“The reality is that in many locations throughout Alaska, providing a highly qualified classroom teacher in all content areas isn’t realistic,” says Phillip Johnson, director of AKTEACH and KIBSD’s Digital Teaching Initiative. “So we are stepping in with our virtual learning alternative. Our goal is to provide authentic, rigorous, synchronous and blended course offerings to students throughout the state of Alaska and, in doing so, genuinely bridge geographic barriers.”
In many rural areas, lack of internet access is a major barrier. KIBSD decided to guarantee that all of its students could connect to each other, their lessons, and all the tools and information the web has to offer via broadband connectivity through satellite to its rural schools and terrestrial connection to its urban schools. They use SchoolAccess, which also manages the district’s network. By connecting the entire school district to high-speed internet, it opens up access to video conferencing tools that require high bandwidth speeds and other digital tools like iPads.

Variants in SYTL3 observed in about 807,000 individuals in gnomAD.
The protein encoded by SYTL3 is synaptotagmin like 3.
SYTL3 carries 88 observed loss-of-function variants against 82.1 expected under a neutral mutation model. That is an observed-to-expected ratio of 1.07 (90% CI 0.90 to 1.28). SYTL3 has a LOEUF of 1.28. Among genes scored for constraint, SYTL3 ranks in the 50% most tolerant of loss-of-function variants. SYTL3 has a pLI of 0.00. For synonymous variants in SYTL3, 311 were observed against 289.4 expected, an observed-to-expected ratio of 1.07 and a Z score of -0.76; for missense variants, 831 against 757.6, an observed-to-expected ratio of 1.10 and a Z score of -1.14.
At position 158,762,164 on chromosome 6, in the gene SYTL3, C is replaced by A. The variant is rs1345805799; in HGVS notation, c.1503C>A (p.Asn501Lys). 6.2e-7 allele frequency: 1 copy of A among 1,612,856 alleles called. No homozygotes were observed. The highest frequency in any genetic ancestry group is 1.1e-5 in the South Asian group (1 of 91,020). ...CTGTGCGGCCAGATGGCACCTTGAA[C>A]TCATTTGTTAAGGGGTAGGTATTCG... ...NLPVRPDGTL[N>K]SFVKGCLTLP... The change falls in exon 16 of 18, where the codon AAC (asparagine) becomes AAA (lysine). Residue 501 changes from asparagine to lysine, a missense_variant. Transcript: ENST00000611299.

Now all students in the district, regardless of location, have access to the same high-quality instruction. For example, many of Kodiak’s rural students receive Algebra I instruction from an excellent math teacher who happens to be based at Kodiak High School, while others receive Geometry and Algebra II from teachers based at Chiniak School.
What’s more, students who would have had to attend school alone because they are the only high school student in a district can now connect to other students and form peer-to-peer relationships. This “culture of connectedness” has helped build relationships, expanded students’ worldviews and facilitated the learning process.